Nick PiuntiThe Writers Room: Episode 02 Nick Piunti

The dynamic guitar pop of Detroit’s Nick Piunti has earned the praise of critics and fans all over the world. Although he’s been rockin’ out since the 1970s, Nick’s most recent albums have defined his signature sound and generated his biggest waves yet, by combining a persistent backbeat, inventive lyrics and classic songwriting hooks. 

Piunti's sixth solo album is due to be released in June 2018.

  Album Title Artist Songwriter Producer Songs Featured
Trust Your Instincts


Nick Piunti Nick Piunti Geoff Michael

One Hit Wonder This song is pure bliss.  Highlights: The opening guitar effect, the melody of the verse, the guitar riff after the first two choruses, the "ooh yeah!" climactic release heading into the bridge, and the circular tag ending.

Blame In Vain Notice how the "title sandwich" chorus bleeds in from the end of each previous verse -- you're in the chorus  before you realize it.

Stay Where You Are "Stop me if you heard this one [/ all] before."  GREAT line.  Nick demonstrates what he meant about "bringing it back to the start," or returning to the first line(s) at the end of the song.  Love the bridge chords and the way the last bridge varies the chords and bass line.

Beyond the Static


Nick Piunti Nick Piunti
(11 songs)
Geoff Michael
(co-wrote 2)
Megan Piunti
(co-wrote 1)
Donny Brown
(co-wrote 1)
Geoff Michael
Nick Piunti

Time Machine The crunchy verse is built on a repeating combination of a sung line followed by a space for the guitars.  That's baked into the song, creating anticipation for the story and the musical trip.

Six Bands More anticipation: "Don't keep us waiting... don't keep us waiting, don't keep us waiting... to long."  The melody and chord changes fit like a comfortable pair of sweats.  Nice use of musical breakdown during the first and last verse.

It's a Trap I'm a sucker for odd-numbered lines and that's essential to the success this pre-chorus.  Sometimes 4 times is too man and three is just right.  Once again, the chords are changed for the final chorus.  It takes a little more effort, but creates variation and surprise for the listener.

Beyond the Static
(Vinyl Bonus)

Bandcamp (Digital)
Nick Piunti Nick Piunti
Geoff Michael
Nick Piunti

Quicksand (Unplugged) This is a deconstructed version of the song, different from the original album track.  It's proof that a two-chord verse and a three-chord chorus can be interesting.  The lack of drums and bass exposes and magnifies the magnetic pull of the chorus.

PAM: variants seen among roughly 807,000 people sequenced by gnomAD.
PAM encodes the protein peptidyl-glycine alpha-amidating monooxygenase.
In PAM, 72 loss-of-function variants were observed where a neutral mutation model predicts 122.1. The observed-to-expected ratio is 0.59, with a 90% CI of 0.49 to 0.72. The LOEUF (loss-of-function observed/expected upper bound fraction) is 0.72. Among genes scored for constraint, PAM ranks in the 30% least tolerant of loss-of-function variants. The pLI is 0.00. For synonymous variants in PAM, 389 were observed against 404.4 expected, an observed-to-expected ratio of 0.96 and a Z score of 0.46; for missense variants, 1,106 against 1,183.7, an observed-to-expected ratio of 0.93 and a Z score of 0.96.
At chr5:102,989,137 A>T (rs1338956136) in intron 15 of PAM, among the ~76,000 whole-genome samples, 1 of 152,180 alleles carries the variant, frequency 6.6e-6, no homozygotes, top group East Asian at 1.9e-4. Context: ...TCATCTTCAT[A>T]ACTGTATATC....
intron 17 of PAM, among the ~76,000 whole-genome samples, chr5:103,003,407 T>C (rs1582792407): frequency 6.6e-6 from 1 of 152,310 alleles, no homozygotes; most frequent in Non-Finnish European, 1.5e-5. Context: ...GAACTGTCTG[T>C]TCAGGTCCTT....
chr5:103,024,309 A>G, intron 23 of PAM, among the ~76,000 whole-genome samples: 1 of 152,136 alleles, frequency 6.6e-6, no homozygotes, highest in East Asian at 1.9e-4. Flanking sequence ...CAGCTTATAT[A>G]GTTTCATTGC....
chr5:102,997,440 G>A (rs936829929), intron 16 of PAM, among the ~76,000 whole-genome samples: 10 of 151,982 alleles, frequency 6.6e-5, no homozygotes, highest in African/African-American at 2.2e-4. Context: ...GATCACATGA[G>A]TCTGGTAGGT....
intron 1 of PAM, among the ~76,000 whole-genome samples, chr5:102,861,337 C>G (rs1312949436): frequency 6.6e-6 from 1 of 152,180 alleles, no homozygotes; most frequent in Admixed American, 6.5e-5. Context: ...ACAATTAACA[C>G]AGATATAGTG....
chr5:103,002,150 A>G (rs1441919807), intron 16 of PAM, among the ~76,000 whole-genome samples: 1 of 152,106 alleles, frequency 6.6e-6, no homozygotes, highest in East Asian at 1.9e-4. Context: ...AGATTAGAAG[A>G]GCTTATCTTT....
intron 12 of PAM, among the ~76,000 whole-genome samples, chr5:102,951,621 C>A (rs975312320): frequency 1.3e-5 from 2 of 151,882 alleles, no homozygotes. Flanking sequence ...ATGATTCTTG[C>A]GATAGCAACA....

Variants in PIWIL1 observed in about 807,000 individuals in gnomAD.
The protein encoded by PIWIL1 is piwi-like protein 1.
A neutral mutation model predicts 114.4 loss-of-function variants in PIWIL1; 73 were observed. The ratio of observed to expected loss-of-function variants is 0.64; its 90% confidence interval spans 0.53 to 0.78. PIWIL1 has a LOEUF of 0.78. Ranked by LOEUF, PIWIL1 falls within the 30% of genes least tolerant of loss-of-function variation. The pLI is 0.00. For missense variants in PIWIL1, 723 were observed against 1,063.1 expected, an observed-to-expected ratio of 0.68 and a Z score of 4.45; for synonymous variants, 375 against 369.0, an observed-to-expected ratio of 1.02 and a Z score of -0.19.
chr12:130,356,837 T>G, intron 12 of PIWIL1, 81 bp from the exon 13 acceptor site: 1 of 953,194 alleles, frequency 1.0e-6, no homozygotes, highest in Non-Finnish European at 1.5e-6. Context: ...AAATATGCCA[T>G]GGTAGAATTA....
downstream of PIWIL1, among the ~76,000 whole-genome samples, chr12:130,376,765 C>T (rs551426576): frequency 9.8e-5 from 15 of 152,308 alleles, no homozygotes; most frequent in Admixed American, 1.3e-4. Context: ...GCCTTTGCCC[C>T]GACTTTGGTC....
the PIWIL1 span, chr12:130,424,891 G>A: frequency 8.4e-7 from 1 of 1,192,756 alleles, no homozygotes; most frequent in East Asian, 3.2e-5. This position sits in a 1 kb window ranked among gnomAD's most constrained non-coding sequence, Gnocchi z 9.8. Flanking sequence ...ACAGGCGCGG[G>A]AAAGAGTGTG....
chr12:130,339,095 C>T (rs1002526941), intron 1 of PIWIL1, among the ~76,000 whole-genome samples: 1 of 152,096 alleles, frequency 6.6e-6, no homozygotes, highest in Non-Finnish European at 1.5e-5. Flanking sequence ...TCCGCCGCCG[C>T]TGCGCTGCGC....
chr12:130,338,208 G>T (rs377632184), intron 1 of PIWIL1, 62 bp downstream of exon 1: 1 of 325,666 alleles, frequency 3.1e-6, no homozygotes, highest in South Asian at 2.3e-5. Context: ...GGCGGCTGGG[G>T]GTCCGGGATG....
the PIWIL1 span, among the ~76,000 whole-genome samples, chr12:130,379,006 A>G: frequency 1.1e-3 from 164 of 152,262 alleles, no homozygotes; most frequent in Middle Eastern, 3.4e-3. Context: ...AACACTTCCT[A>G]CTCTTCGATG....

13 In My Head


Nick Piunti Nick Piunti
(10 songs)
Ryan Alan
(co-wrote 4)
Geoff Michael
Nick Piunti

13 In My Head Great chords in the pre-chorus, and a chorus that hits with a bang and ends on a nostalgically hanging phrase .

Good Thing Going A killer intro (derived from the chorus) and sweet harmonies.  Again, it's just 2 chords swinging back and forth but it's exactly what's needed.  The bridge creates a nice changeup and segues seamlessly into the solo.

It All Comes Down This is the Nick Piunti song that MOJO Magazine chose to represent Paul McCartney's melodic pop sensibilities for their cover-mount CD, "Songs in the Key of Paul.  "Yeah, yeah, yeah!"

One differentiator of great songwriting is when every individual lyric line or thought isn’t completed within a single musical phrase, and vice versa.  Better lyricists understand how it can sometimes be more interesting to sing two lines against a single musical phrase or (conversely) to stretch a single thought across two or more musical phrases.

Nick Piunti’s song, “13 In My Head,” contains a great example of this technique and it’s illuminating to see it in action.  During the first four musical lines of the chorus, Nick sings:

“What do we say now
that we made it
past the age now
when we’re fated...”

I’ve split these into four lines to show how they’re sung across four short, musical phrases, with long pauses in between.  But if you’ll notice, they’re really a single sentence — a single thought — which even continues on after that!  By stretching the line out, a couple of things happen.

For one thing, you’re forced to wait until a later musical phrase to hear the finished thought.  But on top of that, once you’ve heard

“What do we say now that we’ve made it?”

you might mistakenly believe that you’ve just heard one complete line or question.  It certainly makes sense that way.  But as you keep listening, you realize there’s more to that same thought. Really, Nick is saying this:

"What do we say, now that we’ve made it past the age [now] when we’re fated to living out the same old stories while we're searching for the glory in our yesterdays?"

A new meaning emerges.  The songwriter isn’t really talking about looking back after “having made it big,” he’s talking about “having lived past the time when he might have made it big."

One other cool thing that strings you along is Nick's repeated use of the word "now." The first "now" is used as a conjunction, keeping the sentence flowing to the following line. The second "now" is only there to complete the compound rhyme scheme of the first and third line.

This surprise double meaning is revealed slowly — you have to wait for it.  And that anticipation and slow realization is a reward for the listener.  The writer was clever for writing it, and the listener feels clever for noticing it.

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